The St Petersburg economy has grown
quickly since the end of Soviet times. Now it's focusing on stability!
Awarded first place for minimal investment risk in 2006, and more recently, for high effectiveness of regional administration, St. Petersburg, and indeed Moscow and the whole of Russia today is economically and politically stable. This is regardless of the ongoing tough sanctions imposed by the West, which in my humble opinion are an open and direct economic war on Russia. As an important trade gateway and an industrial and financial center of Russia, St. Petersburg is also now the best tourist center of north-western Europe.
The city, also known as North Palmira or Northern Venice due to its special romanticism and the great number of rivers and canals embellished with historical buildings, is becoming one of the top destinations for investors in Russia and one of the best Russian holiday destinations for travellers from all over the world.
We can say that the Russian economy of the North-West Federal District is considered the fifth largest in the country.
Industrial production and tourism play a key role in the economy of St Petersburg. Undoubtedly, the city is one of the most important tourist and cultural centers in the whole Russian Federation.
It is interesting to note that the leading industries, employing over 20% of the city’s eligible workforce, are mechanical engineering, metallurgy and the food industry (headed by the production of beverages). The main leading investor countries are France, USA, Belarus, South Korea, Brazil, China and Belgium.
The largest contributions to St Petersburg’s GRP (Gross Regional Product) growth come from construction, retail, science, telecommunications and the services sector, including education, healthcare, utilities, insurance and real estate brokering.
However, for many years the city’s manufacturing industries have remained far greater tax contributors than the other sectors of Russian economy, providing about 25% of tax revenues to the imperial city annually, with foreign investment of 90%.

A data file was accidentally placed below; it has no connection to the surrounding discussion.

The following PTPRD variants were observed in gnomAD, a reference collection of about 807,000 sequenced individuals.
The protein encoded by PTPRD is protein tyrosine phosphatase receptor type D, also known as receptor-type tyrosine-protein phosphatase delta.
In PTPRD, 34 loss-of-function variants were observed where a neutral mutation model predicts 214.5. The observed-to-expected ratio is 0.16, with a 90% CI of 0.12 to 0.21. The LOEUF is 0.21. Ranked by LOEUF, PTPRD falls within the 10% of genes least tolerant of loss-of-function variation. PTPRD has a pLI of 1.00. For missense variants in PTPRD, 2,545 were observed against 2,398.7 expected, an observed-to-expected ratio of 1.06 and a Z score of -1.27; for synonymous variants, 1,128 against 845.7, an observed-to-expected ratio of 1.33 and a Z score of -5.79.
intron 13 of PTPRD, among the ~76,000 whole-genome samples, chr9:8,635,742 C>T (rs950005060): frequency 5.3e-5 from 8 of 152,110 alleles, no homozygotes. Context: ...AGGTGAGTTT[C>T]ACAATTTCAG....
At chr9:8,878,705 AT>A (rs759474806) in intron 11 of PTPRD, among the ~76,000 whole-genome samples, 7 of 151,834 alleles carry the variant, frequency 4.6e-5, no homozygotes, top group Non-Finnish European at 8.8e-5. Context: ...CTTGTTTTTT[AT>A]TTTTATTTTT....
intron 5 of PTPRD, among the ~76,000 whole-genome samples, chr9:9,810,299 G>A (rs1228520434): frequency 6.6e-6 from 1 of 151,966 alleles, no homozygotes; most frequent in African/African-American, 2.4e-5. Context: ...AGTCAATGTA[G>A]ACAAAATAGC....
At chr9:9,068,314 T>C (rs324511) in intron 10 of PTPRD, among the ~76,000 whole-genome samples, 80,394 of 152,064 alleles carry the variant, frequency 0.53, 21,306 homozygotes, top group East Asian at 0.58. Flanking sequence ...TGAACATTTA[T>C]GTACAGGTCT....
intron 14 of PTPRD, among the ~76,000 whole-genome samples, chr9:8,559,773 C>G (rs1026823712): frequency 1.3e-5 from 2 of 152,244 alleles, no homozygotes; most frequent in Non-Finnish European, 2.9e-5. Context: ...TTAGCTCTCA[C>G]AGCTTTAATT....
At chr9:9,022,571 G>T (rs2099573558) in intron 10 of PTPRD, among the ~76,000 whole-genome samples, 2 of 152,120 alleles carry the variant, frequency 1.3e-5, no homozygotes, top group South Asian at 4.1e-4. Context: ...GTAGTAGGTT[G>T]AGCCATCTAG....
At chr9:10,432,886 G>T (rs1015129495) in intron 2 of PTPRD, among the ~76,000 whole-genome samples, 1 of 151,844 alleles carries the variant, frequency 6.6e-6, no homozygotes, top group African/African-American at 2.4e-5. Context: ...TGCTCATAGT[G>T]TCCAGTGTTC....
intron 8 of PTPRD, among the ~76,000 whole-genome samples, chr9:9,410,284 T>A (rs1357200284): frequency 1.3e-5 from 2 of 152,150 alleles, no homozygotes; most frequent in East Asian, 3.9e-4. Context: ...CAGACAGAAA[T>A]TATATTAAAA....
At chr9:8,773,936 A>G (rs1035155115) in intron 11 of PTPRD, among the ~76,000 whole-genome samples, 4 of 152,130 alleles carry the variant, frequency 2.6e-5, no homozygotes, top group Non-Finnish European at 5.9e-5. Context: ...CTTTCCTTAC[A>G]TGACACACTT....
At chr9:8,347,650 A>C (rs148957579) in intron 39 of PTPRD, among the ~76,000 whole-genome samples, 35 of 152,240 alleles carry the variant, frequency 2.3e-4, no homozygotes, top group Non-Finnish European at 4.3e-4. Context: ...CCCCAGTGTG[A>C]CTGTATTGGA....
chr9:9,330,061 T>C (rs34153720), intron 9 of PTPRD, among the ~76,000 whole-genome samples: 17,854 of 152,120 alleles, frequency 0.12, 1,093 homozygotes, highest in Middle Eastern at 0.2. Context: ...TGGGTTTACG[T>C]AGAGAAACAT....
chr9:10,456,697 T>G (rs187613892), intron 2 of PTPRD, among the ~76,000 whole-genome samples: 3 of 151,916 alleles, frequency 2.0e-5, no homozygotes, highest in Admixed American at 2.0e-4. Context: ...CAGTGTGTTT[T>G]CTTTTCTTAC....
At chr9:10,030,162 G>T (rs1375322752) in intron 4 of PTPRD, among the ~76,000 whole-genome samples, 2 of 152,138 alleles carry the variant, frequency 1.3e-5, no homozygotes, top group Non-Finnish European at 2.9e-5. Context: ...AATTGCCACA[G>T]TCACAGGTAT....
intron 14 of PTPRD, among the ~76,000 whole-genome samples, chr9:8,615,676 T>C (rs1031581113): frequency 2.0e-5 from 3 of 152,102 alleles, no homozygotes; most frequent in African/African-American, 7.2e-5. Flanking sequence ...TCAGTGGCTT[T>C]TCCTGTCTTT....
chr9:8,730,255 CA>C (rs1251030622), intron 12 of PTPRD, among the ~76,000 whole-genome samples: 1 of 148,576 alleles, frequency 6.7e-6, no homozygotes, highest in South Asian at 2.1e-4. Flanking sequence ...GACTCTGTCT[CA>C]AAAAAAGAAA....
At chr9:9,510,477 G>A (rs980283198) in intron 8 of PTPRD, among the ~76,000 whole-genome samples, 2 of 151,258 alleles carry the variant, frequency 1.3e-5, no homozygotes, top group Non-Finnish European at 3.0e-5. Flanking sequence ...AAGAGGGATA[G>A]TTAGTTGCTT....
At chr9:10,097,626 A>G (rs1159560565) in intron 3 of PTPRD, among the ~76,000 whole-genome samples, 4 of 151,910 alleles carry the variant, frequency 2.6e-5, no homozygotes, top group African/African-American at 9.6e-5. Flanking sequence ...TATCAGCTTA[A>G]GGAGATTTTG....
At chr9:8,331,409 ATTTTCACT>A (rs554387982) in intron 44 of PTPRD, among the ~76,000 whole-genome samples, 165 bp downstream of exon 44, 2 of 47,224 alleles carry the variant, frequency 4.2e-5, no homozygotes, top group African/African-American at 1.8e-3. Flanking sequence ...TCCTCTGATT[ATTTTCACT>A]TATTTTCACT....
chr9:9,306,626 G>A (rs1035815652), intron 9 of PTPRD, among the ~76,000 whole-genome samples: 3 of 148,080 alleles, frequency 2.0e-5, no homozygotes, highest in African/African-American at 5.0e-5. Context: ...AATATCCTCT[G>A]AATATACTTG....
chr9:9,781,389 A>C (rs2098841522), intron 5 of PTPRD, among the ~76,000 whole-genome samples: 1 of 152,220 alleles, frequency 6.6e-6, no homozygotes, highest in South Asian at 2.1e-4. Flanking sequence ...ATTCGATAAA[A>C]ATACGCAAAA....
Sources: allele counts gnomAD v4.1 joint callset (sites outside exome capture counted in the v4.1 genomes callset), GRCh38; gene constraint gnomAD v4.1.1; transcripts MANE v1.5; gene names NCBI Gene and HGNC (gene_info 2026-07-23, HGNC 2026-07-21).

During 2011, St Petersburg's economy was showing stable and diversified development with growth rates varying in different economic sectors. In fact, the residential stock increased by 2.70 billion square meters, or 44 737 apartments.
Stabilization of the financial sector contributed to the acceleration of residential construction and the annual growth reached up to 1.9%, much better than the previous year. As a result of that, in 2011, included 2012 and 2013 the GRP exceeded pre-crisis level and reached 13.7%.
Furthermore, based on the Committee for Economic Development, Industrial and Trade Policy, in 2011, 2012 and 2013, the Industrial Production Index reached 113.8%. The highest growth was registered in the shipping volumes of the manufacturing industry (130.9%), company revenues (121.2%) and wholesale volumes (110.8%).
The only reduction registered was for fixed investments, which amount to 215.6 billion rubles in 2011, that is 85.4% of the 2010 volumes. At the same time, in 2011, foreign investment in Saint Petersburg reached $3.97 billion, which is 106.7% compared to 2010.
As a result of this high growth, there
was also an increase in nominal wages and several investments to improve the city's infrastructures. Combined with a decline in
officially registered unemployment, this indicates that labour
markets are stabilizing.
Speaking of Russia in general, according to the Federal State
Statistics Agency (Rosstat), in the second quarter of 2013 the Russian economy grew by a healthy 4%, but it was down from a GDP growth of 4.9%
registered in the first quarter of 2013. Instead, from 2014 up to today, things have turned out not very well because of the sanctions, tough a growing internal market like food is stabilizing itself and bringing new opportunities to the locals.
That said, for the year 2017 we don't have any figures about the St Petersburg economy yet.
However, we can tell you that the car production sector in the city of St Petersburg is still the second biggest in Russia (after the Privolzhsky region) with major international companies such as Toyota, General Motors, Hyundai and Nissan located in the suburbs of the city.
New major infrastructure projects are under way to improve the city of bridges in many ways, such as building an international transport juncture and logistics hub. And we have also heard that there are plans to invest more in the tourism sector, build new properties and make local products more competitive abroad and, who knows, maybe even more.
For these reasons, the city of Peter the Great has become a leader in terms of economic growth in the country and hopefully this will continue for years to come despite new difficulties and global challenges may arise.
Anyhow, in case you are planning a travel to St Petersburg for business, or you just would like to know more about the St Petersburg economy, we think that the St. Petersburg International Economic Forum, held each year at the end of June, is the right place to visit for getting the latest update on global and Russian economic news.
Written by Davide C.